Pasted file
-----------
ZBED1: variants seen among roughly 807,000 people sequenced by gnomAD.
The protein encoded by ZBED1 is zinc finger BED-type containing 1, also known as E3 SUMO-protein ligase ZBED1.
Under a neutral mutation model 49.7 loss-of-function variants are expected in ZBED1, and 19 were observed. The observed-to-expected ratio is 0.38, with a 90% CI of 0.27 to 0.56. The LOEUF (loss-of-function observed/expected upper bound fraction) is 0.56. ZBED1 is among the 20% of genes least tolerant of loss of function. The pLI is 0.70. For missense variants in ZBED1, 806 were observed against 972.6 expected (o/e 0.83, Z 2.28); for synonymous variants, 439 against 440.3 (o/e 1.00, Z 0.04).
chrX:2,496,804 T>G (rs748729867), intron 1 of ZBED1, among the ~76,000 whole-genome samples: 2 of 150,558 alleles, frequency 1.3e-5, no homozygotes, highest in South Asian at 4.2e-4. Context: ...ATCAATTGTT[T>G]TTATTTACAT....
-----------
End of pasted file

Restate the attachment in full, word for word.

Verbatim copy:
ZBED1: variants seen among roughly 807,000 people sequenced by gnomAD.
The protein encoded by ZBED1 is zinc finger BED-type containing 1, also known as E3 SUMO-protein ligase ZBED1.
Under a neutral mutation model 49.7 loss-of-function variants are expected in ZBED1, and 19 were observed. The observed-to-expected ratio is 0.38, with a 90% CI of 0.27 to 0.56. The LOEUF (loss-of-function observed/expected upper bound fraction) is 0.56. ZBED1 is among the 20% of genes least tolerant of loss of function. The pLI is 0.70. For missense variants in ZBED1, 806 were observed against 972.6 expected (o/e 0.83, Z 2.28); for synonymous variants, 439 against 440.3 (o/e 1.00, Z 0.04).
chrX:2,496,804 T>G (rs748729867), intron 1 of ZBED1, among the ~76,000 whole-genome samples: 2 of 150,558 alleles, frequency 1.3e-5, no homozygotes, highest in South Asian at 4.2e-4. Context: ...ATCAATTGTT[T>G]TTATTTACAT....